1926.501(b)(7)(i)Each employee at the edge of an excavation 6 feet (1.8 m) or more in depth shall be protected from falling by guardrail systems, fences, or barricades when the excavations are not readily seen because of plant growth or other visual barrier;
1926.501(b)(7)(ii)Each employee at the edge of a well, pit, shaft, and similar excavation 6 feet (1.8 m) or more in depth shall be protected from falling by guardrail systems, fences, barricades, or covers.
1926.501(b)(8)”Dangerous equipment.”
1926.501(b)(8)(i)Each employee less than 6 feet (1.8 m) above dangerous equipment shall be protected from falling into or onto the dangerous equipment by guardrail systems or by equipment guards.
1926.501(b)(8)(ii)Each employee 6 feet (1.8 m) or more above dangerous equipment shall be protected from fall hazards by guardrail systems, personal fall arrest systems, or safety net systems.
1926.501(b)(9)”Overhand bricklaying and related work.”
1926.501(b)(9)(i)Except as otherwise provided in paragraph (b) of this section, each employee performing overhand bricklaying and related work 6 feet (1.8 m) or more above lower levels, shall be protected from falling by guardrail systems, safety net systems, personal fall arrest systems, or shall work in a controlled access zone.
1926.501(b)(9)(ii)Each employee reaching more than 10 inches (25 cm) below the level of the walking/working surface on which they are working, shall be protected from falling by a guardrail system, safety net system, or personal fall arrest system.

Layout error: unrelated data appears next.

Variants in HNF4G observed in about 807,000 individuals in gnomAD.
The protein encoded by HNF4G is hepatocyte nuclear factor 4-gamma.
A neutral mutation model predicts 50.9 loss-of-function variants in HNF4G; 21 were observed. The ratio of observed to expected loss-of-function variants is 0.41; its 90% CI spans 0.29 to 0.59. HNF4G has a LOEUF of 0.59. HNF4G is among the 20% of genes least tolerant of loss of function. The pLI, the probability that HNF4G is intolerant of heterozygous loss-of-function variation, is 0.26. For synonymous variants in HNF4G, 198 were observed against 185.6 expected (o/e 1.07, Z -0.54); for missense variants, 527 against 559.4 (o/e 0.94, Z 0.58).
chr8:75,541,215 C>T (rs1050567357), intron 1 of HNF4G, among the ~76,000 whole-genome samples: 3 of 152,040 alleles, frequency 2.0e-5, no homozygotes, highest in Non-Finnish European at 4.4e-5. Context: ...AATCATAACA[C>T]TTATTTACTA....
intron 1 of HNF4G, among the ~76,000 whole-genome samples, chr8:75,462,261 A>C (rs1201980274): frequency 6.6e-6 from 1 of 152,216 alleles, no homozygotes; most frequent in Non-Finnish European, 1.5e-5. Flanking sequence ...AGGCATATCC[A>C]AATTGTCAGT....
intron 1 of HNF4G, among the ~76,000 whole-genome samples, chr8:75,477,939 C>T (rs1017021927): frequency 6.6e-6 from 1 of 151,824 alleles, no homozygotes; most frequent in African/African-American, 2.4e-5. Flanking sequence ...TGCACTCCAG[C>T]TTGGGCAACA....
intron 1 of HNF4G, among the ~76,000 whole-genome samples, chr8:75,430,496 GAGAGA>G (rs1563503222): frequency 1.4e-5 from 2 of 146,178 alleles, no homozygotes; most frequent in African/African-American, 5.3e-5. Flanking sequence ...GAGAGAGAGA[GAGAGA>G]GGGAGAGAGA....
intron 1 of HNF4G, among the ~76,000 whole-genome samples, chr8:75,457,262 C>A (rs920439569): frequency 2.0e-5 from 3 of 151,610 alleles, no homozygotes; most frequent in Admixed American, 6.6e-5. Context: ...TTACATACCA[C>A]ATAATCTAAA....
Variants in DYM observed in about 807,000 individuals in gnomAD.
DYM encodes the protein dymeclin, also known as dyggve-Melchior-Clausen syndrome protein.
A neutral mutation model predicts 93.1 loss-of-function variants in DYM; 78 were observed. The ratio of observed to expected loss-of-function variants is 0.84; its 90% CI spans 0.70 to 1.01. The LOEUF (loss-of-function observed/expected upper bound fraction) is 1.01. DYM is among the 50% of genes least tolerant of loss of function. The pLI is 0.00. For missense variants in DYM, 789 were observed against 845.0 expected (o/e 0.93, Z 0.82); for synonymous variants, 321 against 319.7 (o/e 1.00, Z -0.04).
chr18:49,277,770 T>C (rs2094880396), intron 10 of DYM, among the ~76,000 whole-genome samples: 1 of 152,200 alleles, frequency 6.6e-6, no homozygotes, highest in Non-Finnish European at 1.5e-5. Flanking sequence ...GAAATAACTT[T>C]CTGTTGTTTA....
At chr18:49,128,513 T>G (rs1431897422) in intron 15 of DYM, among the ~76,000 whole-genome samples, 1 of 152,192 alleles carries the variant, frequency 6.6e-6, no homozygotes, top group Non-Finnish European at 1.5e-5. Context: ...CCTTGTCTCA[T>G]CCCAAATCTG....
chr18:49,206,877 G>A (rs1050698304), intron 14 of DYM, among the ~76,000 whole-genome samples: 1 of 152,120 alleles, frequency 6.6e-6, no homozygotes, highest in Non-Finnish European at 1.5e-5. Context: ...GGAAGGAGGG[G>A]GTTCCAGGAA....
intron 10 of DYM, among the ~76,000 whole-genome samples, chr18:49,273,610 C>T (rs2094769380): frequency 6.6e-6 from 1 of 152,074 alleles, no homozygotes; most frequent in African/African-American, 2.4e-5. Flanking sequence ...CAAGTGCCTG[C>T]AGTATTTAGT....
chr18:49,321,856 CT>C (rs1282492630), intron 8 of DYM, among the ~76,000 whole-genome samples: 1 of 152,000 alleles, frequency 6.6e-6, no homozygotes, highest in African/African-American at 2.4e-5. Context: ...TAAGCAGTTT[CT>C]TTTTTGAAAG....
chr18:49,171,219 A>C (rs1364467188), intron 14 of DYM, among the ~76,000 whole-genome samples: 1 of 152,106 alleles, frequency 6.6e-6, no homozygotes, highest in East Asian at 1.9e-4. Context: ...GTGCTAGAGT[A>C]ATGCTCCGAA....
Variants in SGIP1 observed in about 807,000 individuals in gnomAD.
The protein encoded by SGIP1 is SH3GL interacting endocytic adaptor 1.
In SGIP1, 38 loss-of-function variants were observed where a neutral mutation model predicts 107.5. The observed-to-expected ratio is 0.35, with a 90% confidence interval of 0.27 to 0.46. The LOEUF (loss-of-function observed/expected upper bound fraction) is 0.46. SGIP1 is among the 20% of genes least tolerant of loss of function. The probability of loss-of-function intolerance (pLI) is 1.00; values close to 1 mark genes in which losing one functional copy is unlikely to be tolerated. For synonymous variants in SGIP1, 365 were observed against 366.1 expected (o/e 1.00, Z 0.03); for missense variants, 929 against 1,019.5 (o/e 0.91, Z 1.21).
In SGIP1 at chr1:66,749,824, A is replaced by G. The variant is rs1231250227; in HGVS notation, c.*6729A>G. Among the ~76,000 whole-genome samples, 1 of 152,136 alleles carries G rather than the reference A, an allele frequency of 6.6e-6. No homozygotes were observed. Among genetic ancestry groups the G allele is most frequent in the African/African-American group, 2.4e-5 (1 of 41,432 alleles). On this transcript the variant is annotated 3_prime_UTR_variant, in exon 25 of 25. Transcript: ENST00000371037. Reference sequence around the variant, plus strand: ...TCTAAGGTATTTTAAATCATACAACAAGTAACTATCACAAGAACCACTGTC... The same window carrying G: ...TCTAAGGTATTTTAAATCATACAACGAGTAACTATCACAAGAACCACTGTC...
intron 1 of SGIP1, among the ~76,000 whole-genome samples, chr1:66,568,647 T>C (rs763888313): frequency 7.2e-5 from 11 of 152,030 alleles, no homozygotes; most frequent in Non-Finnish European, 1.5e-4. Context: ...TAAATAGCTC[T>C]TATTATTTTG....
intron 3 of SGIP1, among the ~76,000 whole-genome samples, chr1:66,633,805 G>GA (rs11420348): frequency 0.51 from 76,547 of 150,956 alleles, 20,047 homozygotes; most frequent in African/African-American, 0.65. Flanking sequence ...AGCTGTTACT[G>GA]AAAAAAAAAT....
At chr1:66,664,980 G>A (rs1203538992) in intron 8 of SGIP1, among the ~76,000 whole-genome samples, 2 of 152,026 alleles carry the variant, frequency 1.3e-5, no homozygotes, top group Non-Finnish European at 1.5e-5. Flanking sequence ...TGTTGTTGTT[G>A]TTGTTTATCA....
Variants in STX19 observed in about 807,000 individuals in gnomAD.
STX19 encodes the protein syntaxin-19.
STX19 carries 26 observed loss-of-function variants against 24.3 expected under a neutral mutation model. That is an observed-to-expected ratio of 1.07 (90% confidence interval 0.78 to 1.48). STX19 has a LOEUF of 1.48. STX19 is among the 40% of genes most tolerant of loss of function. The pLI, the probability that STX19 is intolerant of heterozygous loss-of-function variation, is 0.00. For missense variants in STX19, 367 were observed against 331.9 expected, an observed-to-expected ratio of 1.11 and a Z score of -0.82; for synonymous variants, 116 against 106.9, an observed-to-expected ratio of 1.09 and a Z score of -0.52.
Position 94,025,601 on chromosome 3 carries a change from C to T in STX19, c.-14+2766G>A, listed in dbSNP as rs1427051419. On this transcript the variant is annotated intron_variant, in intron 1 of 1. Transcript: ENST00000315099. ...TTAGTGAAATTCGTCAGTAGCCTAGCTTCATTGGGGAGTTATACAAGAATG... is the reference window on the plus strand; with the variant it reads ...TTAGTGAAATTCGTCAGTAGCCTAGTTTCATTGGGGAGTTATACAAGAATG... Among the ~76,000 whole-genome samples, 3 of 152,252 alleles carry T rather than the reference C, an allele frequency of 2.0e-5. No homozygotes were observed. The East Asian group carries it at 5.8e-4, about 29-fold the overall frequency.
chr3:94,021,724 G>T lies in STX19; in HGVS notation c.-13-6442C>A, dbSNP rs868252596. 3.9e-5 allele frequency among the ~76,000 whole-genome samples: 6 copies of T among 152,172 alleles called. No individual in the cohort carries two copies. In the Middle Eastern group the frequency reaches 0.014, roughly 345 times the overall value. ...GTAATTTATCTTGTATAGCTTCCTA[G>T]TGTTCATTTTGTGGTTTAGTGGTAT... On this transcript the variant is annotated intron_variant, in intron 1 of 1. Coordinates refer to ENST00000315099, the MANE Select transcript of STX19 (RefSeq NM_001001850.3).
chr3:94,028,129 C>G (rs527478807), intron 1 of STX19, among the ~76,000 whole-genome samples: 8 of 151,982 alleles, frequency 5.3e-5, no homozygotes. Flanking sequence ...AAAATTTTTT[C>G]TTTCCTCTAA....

Note: Bricklaying operations performed on scaffolds are regulated by subpart L – Scaffolds of this part.
1926.501(b)(10)”Roofing work on Low-slope roofs.” Except as otherwise provided in paragraph (b) of this section, each employee engaged in roofing activities on low-slope roofs, with unprotected sides and edges 6 feet (1.8 m) or more above lower levels shall be protected from falling by guardrail systems, safety net systems, personal fall arrest systems, or a combination of warning line system and guardrail system, warning line system and safety net system, or warning line system and personal fall arrest system, or warning line system and safety monitoring system. Or, on roofs 50-feet (15.25 m) or less in width (see Appendix A to subpart M of this part), the use of a safety monitoring system alone [i.e. without the warning line system] is permitted.
1926.501(b)(11)”Steep roofs.” Each employee on a steep roof with unprotected sides and edges 6 feet (1.8 m) or more above lower levels shall be protected from falling by guardrail systems with toeboards, safety net systems, or personal fall arrest systems.
1926.501(b)(12)”Precast concrete erection.” Each employee engaged in the erection of precast concrete members (including, but not limited to the erection of wall panels, columns, beams, and floor and roof “tees”) and related operations such as grouting of precast concrete members, who is 6 feet (1.8 m) or more above lower levels shall be protected from falling by guardrail systems, safety net systems, or personal fall arrest systems, unless another provision in paragraph (b) of this section provides for an alternative fall protection measure. Exception: When the employer can demonstrate that it is infeasible or creates a greater hazard to use these systems, the employer shall develop and implement a fall protection plan which meets the requirements of paragraph (k) of 1926.502.